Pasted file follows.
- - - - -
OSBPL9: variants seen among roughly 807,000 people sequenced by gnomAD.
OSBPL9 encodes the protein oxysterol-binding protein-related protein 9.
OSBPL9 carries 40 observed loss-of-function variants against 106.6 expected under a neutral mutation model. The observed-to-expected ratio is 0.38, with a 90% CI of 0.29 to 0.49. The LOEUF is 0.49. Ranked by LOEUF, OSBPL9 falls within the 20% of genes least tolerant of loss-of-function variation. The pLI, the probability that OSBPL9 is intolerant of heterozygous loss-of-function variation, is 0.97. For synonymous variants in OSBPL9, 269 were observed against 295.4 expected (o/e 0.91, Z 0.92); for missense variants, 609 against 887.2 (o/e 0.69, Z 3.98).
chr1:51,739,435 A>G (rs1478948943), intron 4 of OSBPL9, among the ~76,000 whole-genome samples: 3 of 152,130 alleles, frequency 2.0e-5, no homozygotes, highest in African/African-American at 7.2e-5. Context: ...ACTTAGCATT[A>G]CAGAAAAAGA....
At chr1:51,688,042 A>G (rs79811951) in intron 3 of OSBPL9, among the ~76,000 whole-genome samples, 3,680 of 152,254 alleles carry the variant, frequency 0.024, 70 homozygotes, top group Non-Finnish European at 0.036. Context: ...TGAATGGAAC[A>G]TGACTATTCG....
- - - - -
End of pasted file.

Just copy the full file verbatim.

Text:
OSBPL9: variants seen among roughly 807,000 people sequenced by gnomAD.
OSBPL9 encodes the protein oxysterol-binding protein-related protein 9.
OSBPL9 carries 40 observed loss-of-function variants against 106.6 expected under a neutral mutation model. The observed-to-expected ratio is 0.38, with a 90% CI of 0.29 to 0.49. The LOEUF is 0.49. Ranked by LOEUF, OSBPL9 falls within the 20% of genes least tolerant of loss-of-function variation. The pLI, the probability that OSBPL9 is intolerant of heterozygous loss-of-function variation, is 0.97. For synonymous variants in OSBPL9, 269 were observed against 295.4 expected (o/e 0.91, Z 0.92); for missense variants, 609 against 887.2 (o/e 0.69, Z 3.98).
chr1:51,739,435 A>G (rs1478948943), intron 4 of OSBPL9, among the ~76,000 whole-genome samples: 3 of 152,130 alleles, frequency 2.0e-5, no homozygotes, highest in African/African-American at 7.2e-5. Context: ...ACTTAGCATT[A>G]CAGAAAAAGA....
At chr1:51,688,042 A>G (rs79811951) in intron 3 of OSBPL9, among the ~76,000 whole-genome samples, 3,680 of 152,254 alleles carry the variant, frequency 0.024, 70 homozygotes, top group Non-Finnish European at 0.036. Context: ...TGAATGGAAC[A>G]TGACTATTCG....